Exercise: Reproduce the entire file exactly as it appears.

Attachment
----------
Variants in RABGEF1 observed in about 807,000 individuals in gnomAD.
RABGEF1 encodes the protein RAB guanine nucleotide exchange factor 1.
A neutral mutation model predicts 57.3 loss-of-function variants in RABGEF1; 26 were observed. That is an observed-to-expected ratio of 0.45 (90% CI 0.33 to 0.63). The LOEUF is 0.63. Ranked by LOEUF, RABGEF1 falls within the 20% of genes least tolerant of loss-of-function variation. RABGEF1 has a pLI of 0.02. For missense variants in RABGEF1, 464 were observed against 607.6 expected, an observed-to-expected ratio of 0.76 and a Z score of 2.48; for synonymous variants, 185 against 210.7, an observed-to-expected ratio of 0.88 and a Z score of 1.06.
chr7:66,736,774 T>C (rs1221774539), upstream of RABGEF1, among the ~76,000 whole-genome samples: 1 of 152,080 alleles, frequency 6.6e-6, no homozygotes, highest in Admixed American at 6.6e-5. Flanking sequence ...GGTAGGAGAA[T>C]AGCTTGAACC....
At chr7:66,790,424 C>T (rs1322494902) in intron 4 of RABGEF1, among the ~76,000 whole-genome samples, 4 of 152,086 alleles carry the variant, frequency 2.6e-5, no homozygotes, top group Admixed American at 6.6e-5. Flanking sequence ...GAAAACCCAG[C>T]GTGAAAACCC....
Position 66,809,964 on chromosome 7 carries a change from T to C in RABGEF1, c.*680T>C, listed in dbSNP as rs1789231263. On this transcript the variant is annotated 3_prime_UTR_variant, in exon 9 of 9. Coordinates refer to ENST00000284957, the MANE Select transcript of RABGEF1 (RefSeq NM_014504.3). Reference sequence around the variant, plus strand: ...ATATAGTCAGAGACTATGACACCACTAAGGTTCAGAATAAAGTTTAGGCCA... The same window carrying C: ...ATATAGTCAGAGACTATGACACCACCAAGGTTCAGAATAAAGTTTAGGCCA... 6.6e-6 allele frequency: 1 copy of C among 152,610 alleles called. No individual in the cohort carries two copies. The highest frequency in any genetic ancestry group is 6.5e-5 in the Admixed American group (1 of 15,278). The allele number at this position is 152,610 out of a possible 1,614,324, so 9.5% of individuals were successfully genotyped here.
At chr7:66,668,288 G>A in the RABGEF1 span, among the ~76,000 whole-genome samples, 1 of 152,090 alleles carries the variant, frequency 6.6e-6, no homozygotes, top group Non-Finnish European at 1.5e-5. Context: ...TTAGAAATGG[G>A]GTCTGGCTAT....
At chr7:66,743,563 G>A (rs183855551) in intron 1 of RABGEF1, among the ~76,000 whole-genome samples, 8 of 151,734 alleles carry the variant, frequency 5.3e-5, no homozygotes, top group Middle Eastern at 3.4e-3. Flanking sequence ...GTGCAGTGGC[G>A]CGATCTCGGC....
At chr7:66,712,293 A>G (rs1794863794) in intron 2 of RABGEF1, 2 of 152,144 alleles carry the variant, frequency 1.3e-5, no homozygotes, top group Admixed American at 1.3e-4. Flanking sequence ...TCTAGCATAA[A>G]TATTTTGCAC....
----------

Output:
Variants in RABGEF1 observed in about 807,000 individuals in gnomAD.
RABGEF1 encodes the protein RAB guanine nucleotide exchange factor 1.
A neutral mutation model predicts 57.3 loss-of-function variants in RABGEF1; 26 were observed. That is an observed-to-expected ratio of 0.45 (90% CI 0.33 to 0.63). The LOEUF is 0.63. Ranked by LOEUF, RABGEF1 falls within the 20% of genes least tolerant of loss-of-function variation. RABGEF1 has a pLI of 0.02. For missense variants in RABGEF1, 464 were observed against 607.6 expected, an observed-to-expected ratio of 0.76 and a Z score of 2.48; for synonymous variants, 185 against 210.7, an observed-to-expected ratio of 0.88 and a Z score of 1.06.
chr7:66,736,774 T>C (rs1221774539), upstream of RABGEF1, among the ~76,000 whole-genome samples: 1 of 152,080 alleles, frequency 6.6e-6, no homozygotes, highest in Admixed American at 6.6e-5. Flanking sequence ...GGTAGGAGAA[T>C]AGCTTGAACC....
At chr7:66,790,424 C>T (rs1322494902) in intron 4 of RABGEF1, among the ~76,000 whole-genome samples, 4 of 152,086 alleles carry the variant, frequency 2.6e-5, no homozygotes, top group Admixed American at 6.6e-5. Flanking sequence ...GAAAACCCAG[C>T]GTGAAAACCC....
Position 66,809,964 on chromosome 7 carries a change from T to C in RABGEF1, c.*680T>C, listed in dbSNP as rs1789231263. On this transcript the variant is annotated 3_prime_UTR_variant, in exon 9 of 9. Coordinates refer to ENST00000284957, the MANE Select transcript of RABGEF1 (RefSeq NM_014504.3). Reference sequence around the variant, plus strand: ...ATATAGTCAGAGACTATGACACCACTAAGGTTCAGAATAAAGTTTAGGCCA... The same window carrying C: ...ATATAGTCAGAGACTATGACACCACCAAGGTTCAGAATAAAGTTTAGGCCA... 6.6e-6 allele frequency: 1 copy of C among 152,610 alleles called. No individual in the cohort carries two copies. The highest frequency in any genetic ancestry group is 6.5e-5 in the Admixed American group (1 of 15,278). The allele number at this position is 152,610 out of a possible 1,614,324, so 9.5% of individuals were successfully genotyped here.
At chr7:66,668,288 G>A in the RABGEF1 span, among the ~76,000 whole-genome samples, 1 of 152,090 alleles carries the variant, frequency 6.6e-6, no homozygotes, top group Non-Finnish European at 1.5e-5. Context: ...TTAGAAATGG[G>A]GTCTGGCTAT....
At chr7:66,743,563 G>A (rs183855551) in intron 1 of RABGEF1, among the ~76,000 whole-genome samples, 8 of 151,734 alleles carry the variant, frequency 5.3e-5, no homozygotes, top group Middle Eastern at 3.4e-3. Flanking sequence ...GTGCAGTGGC[G>A]CGATCTCGGC....
At chr7:66,712,293 A>G (rs1794863794) in intron 2 of RABGEF1, 2 of 152,144 alleles carry the variant, frequency 1.3e-5, no homozygotes, top group Admixed American at 1.3e-4. Flanking sequence ...TCTAGCATAA[A>G]TATTTTGCAC....